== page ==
Why You Might Be Losing Muscle Tone and How to Stop It

A woman flexing.

You hit the gym (pretty) regularly. You eat clean (most of the time). But when you look in the mirror, you notice drooping skin and fat where you once saw firm upper arms and sleek thighs.

As dismaying as it is, shrinking muscles are more than a vanity issue. Diminished strength equals a decreased quality of life. Minus strength, everything is more difficult: Doing chores, going for walks—simply living life to its fullest becomes a challenge.

Though it doesn't command headlines the way osteoporosis does, a condition called sarcopenia causes muscle mass to slowly shrink with age—to the tune of about 1 percent per year after age 40, says Doug Paddon-Jones, PhD, a professor at the University of Texas Medical Branch at Galveston. And certain things you do (or don't do) in the kitchen, at the gym, or between the sheets can accelerate the process.

1. You're Back-Loading Your Protein

Imagine, for a minute, heading up a home construction project. How successful would you be if your building supplies arrived on the last day? 

When you start your day with high-carb choices like toast or a sugary breakfast cereal and cap it off with a huge serving of meat or plant protein at dinner, you're essentially waiting till the last minute to provide your body most of its key muscle-building materials.

In a small study published in The Journal of Nutrition, Paddon-Jones asked a group of participants to consume 90 grams of protein per day, split two different ways. When they ate 30 grams each for breakfast, lunch, and dinner, they showed a 25 percent greater increase in protein muscle synthesis—the first step toward repairing and building new muscle—than when their protein intake was skewed to later in the day (10 grams at breakfast, 15 at lunch, 65 for dinner).

Try replacing some of the carbs in your breakfast with Greek yogurt or eggs to help spread your protein more evenly throughout the day, suggests Paddon-Jones.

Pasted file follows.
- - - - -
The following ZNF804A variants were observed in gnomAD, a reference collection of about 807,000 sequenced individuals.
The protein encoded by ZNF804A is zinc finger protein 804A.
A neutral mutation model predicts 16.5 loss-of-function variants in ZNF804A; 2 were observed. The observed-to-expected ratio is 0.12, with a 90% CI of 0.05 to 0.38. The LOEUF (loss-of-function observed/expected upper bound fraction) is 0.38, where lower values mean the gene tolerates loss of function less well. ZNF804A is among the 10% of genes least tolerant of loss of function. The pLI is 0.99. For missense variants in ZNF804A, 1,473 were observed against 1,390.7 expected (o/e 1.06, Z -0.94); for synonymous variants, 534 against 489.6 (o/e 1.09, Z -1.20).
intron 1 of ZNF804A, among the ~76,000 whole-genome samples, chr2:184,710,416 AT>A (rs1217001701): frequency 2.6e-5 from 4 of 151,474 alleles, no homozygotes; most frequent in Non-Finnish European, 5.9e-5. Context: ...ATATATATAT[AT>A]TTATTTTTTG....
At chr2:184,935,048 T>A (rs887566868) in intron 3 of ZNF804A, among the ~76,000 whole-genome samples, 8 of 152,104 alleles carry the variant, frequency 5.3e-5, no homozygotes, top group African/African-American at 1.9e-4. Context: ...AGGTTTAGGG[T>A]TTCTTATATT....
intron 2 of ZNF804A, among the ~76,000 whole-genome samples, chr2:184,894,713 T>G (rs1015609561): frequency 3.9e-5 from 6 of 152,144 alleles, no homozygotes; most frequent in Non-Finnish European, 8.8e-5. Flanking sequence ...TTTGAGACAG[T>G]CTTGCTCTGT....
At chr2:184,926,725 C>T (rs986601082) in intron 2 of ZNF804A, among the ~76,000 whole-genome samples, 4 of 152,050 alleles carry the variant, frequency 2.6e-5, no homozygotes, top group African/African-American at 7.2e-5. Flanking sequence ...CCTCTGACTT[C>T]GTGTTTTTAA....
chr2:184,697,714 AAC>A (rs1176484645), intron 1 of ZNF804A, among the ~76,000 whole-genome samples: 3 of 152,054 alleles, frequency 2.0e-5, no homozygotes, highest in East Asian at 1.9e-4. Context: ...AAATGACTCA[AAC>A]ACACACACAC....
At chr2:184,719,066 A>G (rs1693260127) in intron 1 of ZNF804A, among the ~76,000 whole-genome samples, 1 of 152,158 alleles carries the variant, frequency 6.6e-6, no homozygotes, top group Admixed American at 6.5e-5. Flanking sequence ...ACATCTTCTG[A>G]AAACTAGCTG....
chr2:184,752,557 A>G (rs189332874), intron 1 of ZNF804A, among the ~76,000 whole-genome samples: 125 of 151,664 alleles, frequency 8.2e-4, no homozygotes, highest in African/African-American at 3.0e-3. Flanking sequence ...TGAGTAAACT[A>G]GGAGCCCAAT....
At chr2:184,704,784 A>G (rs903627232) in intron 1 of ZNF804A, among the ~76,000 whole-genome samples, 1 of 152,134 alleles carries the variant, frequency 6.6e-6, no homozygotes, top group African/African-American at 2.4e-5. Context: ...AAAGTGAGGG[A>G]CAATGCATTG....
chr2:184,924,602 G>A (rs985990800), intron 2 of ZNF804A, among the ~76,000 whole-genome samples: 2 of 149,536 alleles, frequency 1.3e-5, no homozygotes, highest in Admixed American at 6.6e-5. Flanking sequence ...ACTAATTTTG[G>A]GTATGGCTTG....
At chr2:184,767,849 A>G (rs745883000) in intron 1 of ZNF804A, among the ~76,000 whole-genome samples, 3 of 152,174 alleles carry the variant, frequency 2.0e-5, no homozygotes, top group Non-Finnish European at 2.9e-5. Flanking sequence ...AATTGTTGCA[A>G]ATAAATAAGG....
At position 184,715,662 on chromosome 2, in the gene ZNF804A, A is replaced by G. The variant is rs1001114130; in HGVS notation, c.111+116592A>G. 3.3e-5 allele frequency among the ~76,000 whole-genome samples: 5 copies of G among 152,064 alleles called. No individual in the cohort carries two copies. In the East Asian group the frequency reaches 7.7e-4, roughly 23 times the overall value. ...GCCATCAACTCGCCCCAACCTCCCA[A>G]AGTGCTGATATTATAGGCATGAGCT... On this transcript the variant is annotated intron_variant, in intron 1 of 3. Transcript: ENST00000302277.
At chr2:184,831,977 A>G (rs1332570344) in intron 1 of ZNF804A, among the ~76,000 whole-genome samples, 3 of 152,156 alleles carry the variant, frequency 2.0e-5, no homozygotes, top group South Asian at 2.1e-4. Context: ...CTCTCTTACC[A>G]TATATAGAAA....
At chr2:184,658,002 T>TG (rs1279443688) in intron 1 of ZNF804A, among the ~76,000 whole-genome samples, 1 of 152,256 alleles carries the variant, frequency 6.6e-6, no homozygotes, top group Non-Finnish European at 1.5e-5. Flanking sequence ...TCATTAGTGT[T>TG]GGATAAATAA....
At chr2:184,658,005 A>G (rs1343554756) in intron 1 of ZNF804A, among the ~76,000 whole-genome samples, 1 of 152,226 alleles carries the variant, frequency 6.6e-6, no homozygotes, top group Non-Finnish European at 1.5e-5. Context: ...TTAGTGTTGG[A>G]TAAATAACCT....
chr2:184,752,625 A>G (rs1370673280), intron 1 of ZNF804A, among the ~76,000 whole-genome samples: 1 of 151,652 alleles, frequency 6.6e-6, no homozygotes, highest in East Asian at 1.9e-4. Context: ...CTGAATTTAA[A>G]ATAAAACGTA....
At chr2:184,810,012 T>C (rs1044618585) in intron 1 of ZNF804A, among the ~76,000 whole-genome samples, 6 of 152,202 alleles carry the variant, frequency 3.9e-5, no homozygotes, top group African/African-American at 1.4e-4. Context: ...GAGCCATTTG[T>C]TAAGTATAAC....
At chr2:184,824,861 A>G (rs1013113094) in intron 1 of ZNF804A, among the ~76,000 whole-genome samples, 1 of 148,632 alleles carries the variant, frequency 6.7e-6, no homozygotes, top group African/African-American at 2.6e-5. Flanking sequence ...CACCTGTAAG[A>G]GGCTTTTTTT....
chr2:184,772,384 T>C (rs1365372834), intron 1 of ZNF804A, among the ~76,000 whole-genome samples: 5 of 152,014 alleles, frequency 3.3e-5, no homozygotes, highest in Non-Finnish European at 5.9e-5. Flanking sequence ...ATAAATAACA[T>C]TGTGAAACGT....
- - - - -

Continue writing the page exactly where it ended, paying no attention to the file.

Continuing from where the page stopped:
No time to cook in the morning? Try one of these 7 Classic Breakfasts Turned Into Smoothies, instead. And plan to get some protein—say, 10 to 15 grams—within 30 to 60 minutes of your workouts to maximize their muscle-building power.

2. You're Passing Over the Produce Aisle

Protein reigns supreme as a muscle-building macronutrient. But protein-rich foods such as meat, fish, and cheese—along with refined grains and salt—create acids inside your body that can start to eat away at muscle over time, notes a review article on diet and sarcopenia in the journal Osteoporosis International.

Fortunately, Mother Nature has provided a cure, says study co-author Ambrish Mithal, MD, of Medanta Medicity in Gurgaon, India. 

Fruits and vegetables supply potassium and magnesium that buffer these acids and protect your muscle tissue. What's more, antioxidants in leafy greens and bright berries fight reactive oxygen species that can damage muscle fibers over time. Aim for at least 3 cups of vegetables and 2 cups of fruit per day, Mithal advises. (Start with these 26 in-season foods and tasty ways to eat them.)

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Prevention

For 60 years, Prevention has delivered the kind of authoritative information, breaking news and energizing lifestyle advice that women can use today for a happier, healthier, stronger life tomorrow and beyond. With Prevention, she continuously discovers health, beauty, fitness and nutrition advice that makes her more inspired, more confident than ever before.

For 60 years, Prevention has delivered the kind of authoritative information, breaking news and energizing lifestyle advice that women can use today for a happier, healthier, stronger life tomorrow and beyond. With Prevention, she continuously discovers health, beauty, fitness and nutrition advice that makes her more inspired, more confident than ever before.

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